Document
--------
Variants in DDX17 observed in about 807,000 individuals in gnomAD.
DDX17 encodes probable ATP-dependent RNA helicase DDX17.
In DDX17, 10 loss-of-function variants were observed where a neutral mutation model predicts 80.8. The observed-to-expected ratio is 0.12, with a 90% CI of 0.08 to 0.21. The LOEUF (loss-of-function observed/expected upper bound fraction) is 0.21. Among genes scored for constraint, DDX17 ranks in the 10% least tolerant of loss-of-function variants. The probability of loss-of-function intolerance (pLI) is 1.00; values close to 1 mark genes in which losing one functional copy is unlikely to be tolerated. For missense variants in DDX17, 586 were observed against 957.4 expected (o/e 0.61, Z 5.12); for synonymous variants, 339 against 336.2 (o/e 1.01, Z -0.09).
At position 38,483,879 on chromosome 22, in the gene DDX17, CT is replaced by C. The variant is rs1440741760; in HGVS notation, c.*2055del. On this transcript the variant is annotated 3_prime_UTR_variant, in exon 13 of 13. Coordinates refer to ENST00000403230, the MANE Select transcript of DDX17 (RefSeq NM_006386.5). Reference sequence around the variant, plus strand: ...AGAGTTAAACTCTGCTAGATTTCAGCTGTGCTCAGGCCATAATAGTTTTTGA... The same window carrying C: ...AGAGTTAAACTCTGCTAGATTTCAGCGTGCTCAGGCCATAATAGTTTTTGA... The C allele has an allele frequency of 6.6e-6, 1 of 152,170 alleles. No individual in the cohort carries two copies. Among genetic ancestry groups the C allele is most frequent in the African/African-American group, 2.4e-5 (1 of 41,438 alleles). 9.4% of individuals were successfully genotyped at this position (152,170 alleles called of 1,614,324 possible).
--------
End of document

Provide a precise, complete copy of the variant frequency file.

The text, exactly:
Variants in DDX17 observed in about 807,000 individuals in gnomAD.
DDX17 encodes probable ATP-dependent RNA helicase DDX17.
In DDX17, 10 loss-of-function variants were observed where a neutral mutation model predicts 80.8. The observed-to-expected ratio is 0.12, with a 90% CI of 0.08 to 0.21. The LOEUF (loss-of-function observed/expected upper bound fraction) is 0.21. Among genes scored for constraint, DDX17 ranks in the 10% least tolerant of loss-of-function variants. The probability of loss-of-function intolerance (pLI) is 1.00; values close to 1 mark genes in which losing one functional copy is unlikely to be tolerated. For missense variants in DDX17, 586 were observed against 957.4 expected (o/e 0.61, Z 5.12); for synonymous variants, 339 against 336.2 (o/e 1.01, Z -0.09).
At position 38,483,879 on chromosome 22, in the gene DDX17, CT is replaced by C. The variant is rs1440741760; in HGVS notation, c.*2055del. On this transcript the variant is annotated 3_prime_UTR_variant, in exon 13 of 13. Coordinates refer to ENST00000403230, the MANE Select transcript of DDX17 (RefSeq NM_006386.5). Reference sequence around the variant, plus strand: ...AGAGTTAAACTCTGCTAGATTTCAGCTGTGCTCAGGCCATAATAGTTTTTGA... The same window carrying C: ...AGAGTTAAACTCTGCTAGATTTCAGCGTGCTCAGGCCATAATAGTTTTTGA... The C allele has an allele frequency of 6.6e-6, 1 of 152,170 alleles. No individual in the cohort carries two copies. Among genetic ancestry groups the C allele is most frequent in the African/African-American group, 2.4e-5 (1 of 41,438 alleles). 9.4% of individuals were successfully genotyped at this position (152,170 alleles called of 1,614,324 possible).